Nairobi on Monday to throw open the race for the Super Sixes.
Patil, a former Indian Test batsman who has coached Kenya for the last five years, said the victory indicated his team was maturing to join the big league as the 11th Test-playing nation.
"I think we are getting there," Patil told AFP ahead of Saturday's game against Bangladesh at the Wanderers here.
"To tell you the truth, if Bangladesh can play Test cricket, there is no reason why we can't.
"I think we are as good as them, if not better. Our time will come."
Bangladesh, who were granted Test status in 2000, have been clearly out of their depth in the big league and many critics have questioned their elevation.
The tiny South Asian nation has lost 16 of the 17 Tests it has played, 11 of them by an innings. The only escape was at home when rain denied Zimbabwe certain victory.
Bangladesh have also lost 27 of their last 29 one-day internationals, bad weather again preventing a clean sweep.
The International Cricket Council (ICC), which is considering Kenya's application for Test status, does not want them to go Bangladesh's way.
"The experience of Bangladesh has shown that we need to be very careful before admitting teams to Test status because it is totally different game," ICC's development manager Andrew Eade told BBC Online.
"When Bangladesh were admitted, all the indicators were there that they would quickly come up to speed.
"But we threw them in there a little bit early and it showed there is a big difference between Test and one-day cricket."
Eade said it could take Kenya up to three years to gain Test status, and Patil was willing to wait patiently.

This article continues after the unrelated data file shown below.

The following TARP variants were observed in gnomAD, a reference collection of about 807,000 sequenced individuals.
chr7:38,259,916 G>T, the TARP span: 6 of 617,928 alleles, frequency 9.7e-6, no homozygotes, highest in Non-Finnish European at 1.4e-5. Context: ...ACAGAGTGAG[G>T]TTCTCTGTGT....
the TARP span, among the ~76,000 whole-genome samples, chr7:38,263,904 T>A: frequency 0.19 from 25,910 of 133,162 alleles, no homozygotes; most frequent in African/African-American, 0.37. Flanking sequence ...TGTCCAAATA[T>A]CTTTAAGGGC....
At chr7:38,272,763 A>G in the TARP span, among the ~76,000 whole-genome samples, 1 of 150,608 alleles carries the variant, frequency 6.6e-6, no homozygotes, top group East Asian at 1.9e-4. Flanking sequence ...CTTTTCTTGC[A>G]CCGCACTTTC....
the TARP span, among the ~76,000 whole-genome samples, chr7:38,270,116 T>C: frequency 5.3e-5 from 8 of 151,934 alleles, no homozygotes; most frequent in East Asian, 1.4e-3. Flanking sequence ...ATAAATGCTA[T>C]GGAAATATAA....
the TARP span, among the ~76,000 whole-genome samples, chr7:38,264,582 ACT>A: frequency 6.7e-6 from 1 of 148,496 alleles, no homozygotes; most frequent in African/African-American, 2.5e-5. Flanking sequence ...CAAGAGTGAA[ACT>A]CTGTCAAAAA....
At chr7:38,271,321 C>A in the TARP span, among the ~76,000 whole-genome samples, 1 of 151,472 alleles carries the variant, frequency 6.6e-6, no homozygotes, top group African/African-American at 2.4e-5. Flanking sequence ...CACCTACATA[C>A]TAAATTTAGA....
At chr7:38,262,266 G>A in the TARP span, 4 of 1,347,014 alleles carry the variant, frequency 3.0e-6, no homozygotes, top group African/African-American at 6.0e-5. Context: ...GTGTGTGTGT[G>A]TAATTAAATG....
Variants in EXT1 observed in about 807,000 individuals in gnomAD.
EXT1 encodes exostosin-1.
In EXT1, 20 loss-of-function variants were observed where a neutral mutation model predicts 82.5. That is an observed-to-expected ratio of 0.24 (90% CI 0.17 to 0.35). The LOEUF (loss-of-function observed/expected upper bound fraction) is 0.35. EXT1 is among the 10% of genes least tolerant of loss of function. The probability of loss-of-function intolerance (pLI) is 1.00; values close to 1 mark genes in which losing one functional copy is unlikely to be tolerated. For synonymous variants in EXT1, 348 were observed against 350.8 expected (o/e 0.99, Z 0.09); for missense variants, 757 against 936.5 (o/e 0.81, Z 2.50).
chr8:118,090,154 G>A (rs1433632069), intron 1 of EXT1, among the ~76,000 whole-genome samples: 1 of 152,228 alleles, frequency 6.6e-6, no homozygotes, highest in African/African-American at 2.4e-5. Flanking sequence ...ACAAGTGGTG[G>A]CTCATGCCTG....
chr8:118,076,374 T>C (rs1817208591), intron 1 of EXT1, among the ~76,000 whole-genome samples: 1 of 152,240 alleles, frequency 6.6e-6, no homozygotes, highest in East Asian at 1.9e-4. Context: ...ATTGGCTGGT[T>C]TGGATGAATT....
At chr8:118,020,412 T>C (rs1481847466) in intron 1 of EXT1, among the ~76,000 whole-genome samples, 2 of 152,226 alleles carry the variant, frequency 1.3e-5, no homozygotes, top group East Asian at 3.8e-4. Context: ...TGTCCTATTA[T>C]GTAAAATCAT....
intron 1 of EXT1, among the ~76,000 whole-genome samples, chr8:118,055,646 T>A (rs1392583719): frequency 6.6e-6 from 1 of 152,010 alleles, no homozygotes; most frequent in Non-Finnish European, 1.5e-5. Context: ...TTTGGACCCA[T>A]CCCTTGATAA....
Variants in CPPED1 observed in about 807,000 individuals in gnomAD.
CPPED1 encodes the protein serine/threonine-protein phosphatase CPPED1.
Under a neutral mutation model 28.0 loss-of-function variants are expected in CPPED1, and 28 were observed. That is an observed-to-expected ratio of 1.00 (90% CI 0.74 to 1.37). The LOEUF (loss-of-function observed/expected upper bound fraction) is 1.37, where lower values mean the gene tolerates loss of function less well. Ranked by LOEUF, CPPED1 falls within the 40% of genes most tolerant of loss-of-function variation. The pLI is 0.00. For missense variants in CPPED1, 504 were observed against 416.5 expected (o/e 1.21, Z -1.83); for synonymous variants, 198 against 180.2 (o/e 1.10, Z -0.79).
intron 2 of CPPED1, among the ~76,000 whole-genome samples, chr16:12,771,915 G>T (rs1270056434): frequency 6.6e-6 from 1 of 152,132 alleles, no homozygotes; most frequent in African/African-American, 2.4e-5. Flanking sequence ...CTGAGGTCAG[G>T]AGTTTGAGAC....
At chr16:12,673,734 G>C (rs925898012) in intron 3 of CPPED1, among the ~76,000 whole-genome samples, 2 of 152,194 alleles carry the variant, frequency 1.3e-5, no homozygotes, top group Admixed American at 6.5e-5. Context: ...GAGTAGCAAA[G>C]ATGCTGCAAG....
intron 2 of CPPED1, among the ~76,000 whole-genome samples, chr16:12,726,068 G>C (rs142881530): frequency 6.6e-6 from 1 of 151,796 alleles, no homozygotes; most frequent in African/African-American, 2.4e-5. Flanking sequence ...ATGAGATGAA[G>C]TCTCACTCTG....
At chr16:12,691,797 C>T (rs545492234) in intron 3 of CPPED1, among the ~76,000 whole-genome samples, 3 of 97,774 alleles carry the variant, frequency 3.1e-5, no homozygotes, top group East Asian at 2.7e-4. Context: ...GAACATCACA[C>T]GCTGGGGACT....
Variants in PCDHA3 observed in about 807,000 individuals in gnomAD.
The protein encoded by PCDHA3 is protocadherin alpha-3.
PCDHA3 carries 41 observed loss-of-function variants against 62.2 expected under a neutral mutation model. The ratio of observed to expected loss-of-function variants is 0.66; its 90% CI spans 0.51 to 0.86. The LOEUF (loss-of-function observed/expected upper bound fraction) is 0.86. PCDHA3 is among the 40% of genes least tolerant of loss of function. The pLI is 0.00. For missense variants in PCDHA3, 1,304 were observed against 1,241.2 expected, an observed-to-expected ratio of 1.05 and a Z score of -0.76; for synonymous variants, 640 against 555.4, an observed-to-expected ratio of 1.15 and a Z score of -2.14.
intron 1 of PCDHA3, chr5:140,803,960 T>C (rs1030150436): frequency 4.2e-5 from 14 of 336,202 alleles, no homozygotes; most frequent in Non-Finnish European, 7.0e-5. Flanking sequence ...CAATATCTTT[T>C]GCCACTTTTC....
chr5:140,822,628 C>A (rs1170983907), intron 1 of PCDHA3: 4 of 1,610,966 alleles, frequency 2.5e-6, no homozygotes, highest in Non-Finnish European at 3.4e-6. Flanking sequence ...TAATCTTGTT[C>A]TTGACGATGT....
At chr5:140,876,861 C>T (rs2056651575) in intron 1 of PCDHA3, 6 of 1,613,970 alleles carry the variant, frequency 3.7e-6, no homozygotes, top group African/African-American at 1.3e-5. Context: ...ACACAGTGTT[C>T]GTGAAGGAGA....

"Let them take time, we'll use it to sharpen our game," Patil said.
"We certainly do not want to have a start like Bangladesh. When we get there, we should be able to compete well."
Patil, who starred in India's World Cup triumph in 1983, took a swipe at England and Australia for not doing enough to help Kenya's cause.
"We will improve only if we get a chance to play on different wickets in unfamilier conditions," he said.
"I am not saying England and Australia should invite us to play their best team, but we could go there and play the second string sides.
"We make regular tours of India, but the boys need to get a feel of conditions in Australia and England."
Patil, whose contract with Kenya will be reviewed after the World Cup, believed the country had the talent to go far in cricket.
"There is natural talent in Kenya. They are born athletes and strong physically," he said.
"We have improved a lot over the years. Maybe we are not in a position to beat teams like Australia consistently, but which team does that these days.
"The important thing is to hold your own against the big guns. I think we are capable of that."